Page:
Sounding OFF is Salute Magazine’s weekly music column, authored by Music Editor Daniel Offner. The column is a weekly analysis of all things music. This week’s column focuses on what is known as “musical A.D.D.”
Ever notice how people these days seldom listen to an entire album, from start to finish without changing to something else?
Well this behavior, that we so oafishly refer to as “musical ADD,” is defined by a person’s inability to listen and appreciate something from start-to-finish.
EDITOR’S NOTE: We in no way mean to offend anyone with actual Attention Deficit Disorder, which can be a real and sometimes debilitating learning disability.
However, the lack of appreciation for an entire studio album is not something new, and didn’t just happen overnight.
Back in the days of vinyl, people used to listen an album from beginning to end. Sure, they had the option of skipping around. Lifting the tone arm wasn’t difficult and picking out a specific track was pretty easily identifiable by the notches on the wax.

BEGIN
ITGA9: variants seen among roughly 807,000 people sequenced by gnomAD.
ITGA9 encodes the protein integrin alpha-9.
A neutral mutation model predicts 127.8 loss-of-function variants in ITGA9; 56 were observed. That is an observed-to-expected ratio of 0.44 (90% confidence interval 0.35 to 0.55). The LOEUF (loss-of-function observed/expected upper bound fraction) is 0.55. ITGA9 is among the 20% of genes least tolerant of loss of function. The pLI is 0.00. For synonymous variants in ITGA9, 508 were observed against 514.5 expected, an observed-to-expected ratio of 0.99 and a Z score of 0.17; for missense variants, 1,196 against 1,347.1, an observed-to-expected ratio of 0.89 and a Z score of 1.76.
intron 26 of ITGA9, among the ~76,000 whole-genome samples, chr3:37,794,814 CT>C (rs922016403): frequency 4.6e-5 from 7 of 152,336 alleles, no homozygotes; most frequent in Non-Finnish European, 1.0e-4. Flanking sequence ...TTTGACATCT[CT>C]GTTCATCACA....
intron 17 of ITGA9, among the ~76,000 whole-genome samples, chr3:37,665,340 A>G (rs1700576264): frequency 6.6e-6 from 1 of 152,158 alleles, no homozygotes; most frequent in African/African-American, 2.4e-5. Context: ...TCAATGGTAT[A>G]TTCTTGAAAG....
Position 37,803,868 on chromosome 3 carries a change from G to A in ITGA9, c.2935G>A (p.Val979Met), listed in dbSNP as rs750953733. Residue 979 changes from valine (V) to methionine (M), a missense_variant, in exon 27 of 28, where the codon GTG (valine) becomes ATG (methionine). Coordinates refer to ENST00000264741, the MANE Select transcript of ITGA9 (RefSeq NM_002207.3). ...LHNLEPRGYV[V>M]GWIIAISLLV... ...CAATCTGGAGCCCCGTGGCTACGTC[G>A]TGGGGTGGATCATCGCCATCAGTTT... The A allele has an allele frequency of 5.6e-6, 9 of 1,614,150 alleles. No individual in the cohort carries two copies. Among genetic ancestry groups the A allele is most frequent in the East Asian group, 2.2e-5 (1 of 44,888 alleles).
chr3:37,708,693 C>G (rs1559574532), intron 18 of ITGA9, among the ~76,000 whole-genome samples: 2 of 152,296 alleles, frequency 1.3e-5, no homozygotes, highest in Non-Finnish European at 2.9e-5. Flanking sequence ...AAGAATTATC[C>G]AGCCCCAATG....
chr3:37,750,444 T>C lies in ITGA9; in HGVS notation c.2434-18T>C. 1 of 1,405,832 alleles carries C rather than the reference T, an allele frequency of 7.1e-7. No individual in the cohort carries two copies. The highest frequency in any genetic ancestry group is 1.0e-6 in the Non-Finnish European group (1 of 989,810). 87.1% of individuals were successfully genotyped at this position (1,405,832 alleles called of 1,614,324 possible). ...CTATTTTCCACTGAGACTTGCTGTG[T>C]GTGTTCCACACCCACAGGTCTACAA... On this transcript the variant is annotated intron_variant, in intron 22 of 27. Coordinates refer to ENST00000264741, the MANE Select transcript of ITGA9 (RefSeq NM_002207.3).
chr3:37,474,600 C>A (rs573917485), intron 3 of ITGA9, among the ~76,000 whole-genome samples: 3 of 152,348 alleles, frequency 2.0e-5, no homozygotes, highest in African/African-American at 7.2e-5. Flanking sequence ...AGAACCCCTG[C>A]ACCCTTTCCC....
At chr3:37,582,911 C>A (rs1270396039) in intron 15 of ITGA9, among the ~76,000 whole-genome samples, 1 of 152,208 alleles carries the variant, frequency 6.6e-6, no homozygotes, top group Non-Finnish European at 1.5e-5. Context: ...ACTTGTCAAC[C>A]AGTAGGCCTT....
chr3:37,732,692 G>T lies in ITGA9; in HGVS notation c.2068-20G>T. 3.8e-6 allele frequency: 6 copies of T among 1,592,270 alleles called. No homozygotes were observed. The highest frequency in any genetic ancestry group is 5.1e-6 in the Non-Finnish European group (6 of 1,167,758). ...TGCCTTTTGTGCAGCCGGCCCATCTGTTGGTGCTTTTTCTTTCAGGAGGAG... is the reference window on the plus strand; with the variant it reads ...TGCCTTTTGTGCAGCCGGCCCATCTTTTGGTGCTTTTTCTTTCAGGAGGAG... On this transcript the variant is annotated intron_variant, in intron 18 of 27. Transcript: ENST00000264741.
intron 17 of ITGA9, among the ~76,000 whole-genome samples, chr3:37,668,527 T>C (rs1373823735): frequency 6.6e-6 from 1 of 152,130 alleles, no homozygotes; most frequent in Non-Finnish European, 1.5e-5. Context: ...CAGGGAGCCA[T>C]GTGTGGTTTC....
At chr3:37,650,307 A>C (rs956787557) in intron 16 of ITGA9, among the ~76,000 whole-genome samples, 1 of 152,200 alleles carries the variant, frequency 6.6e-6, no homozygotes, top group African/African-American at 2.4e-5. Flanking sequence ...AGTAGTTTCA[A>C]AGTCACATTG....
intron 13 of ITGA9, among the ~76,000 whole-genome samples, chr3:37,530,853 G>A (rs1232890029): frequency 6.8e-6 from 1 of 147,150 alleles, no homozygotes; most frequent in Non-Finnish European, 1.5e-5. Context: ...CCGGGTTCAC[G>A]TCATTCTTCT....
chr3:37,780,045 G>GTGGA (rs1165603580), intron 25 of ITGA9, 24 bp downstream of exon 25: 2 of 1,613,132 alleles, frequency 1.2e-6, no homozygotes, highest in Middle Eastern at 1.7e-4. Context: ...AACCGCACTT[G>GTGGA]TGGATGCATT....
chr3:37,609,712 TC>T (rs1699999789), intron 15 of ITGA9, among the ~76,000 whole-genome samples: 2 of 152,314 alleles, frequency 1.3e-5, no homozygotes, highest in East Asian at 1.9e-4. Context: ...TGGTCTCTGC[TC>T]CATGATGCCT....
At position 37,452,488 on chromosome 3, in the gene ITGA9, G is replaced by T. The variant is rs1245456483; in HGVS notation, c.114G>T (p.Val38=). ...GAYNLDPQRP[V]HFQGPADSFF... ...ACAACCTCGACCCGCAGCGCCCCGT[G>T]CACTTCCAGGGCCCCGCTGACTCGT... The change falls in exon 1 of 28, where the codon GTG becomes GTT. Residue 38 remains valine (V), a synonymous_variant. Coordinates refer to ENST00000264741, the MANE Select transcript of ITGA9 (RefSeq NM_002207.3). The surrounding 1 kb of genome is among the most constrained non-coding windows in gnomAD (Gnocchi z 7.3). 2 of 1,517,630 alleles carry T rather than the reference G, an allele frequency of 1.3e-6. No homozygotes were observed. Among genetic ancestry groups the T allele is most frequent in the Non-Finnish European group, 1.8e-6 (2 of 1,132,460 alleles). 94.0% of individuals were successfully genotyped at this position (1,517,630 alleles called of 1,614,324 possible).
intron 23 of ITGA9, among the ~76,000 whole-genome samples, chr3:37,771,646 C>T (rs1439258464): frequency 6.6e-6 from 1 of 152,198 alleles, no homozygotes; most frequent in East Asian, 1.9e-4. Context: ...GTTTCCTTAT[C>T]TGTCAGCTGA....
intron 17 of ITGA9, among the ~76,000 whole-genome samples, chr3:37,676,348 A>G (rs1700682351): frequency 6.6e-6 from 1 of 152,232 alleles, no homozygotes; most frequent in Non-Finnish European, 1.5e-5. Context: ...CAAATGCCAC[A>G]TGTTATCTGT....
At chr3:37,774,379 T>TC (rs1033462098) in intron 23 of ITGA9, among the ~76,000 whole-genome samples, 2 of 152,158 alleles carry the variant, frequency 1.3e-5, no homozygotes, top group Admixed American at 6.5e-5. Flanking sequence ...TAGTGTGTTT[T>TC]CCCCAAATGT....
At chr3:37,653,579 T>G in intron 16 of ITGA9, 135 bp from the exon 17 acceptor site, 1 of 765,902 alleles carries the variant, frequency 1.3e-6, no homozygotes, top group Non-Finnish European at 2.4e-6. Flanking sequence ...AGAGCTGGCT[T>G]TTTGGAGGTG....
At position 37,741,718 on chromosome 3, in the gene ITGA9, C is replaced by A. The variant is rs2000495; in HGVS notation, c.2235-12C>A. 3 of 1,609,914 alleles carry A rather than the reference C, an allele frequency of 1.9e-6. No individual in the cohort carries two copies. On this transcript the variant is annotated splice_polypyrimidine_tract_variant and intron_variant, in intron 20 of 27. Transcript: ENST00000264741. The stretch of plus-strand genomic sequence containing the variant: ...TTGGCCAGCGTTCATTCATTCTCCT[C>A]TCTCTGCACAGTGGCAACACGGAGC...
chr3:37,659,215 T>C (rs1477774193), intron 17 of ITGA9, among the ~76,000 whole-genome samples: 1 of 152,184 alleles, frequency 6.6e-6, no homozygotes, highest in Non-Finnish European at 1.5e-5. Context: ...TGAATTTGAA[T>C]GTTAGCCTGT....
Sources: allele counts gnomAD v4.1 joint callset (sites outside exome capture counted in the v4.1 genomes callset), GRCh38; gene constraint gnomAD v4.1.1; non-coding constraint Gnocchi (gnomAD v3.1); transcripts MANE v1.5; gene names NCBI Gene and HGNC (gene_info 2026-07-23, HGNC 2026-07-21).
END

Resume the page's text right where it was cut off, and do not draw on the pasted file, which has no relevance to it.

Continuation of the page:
As technology developed and we became introduced to tape cassettes, people found it easier and easier to rewind or fast-forward to a certain track. Still relatively cheap in the ‘80s and ‘90s, cassettes helped begin this age of “musical ADD,” but were flawed in their faulty design. Many times, if you rewound a tape too much, it would get caught and make a mess. All you would need is a pencil to fix it, but good luck finding one out on the open highway.
Enter the Walkman
When CDs came about, “musical A.D.D.” had officially become a thing. People would carry around cases filled with hundreds of albums just to hear a select few songs from their collection.
With the new technology, you started to see more and more new cars being fashioned with six-CD changers so you could skip around freely. It was a far cry from the hustle and bustle of having to load up your cassette deck with different tapes.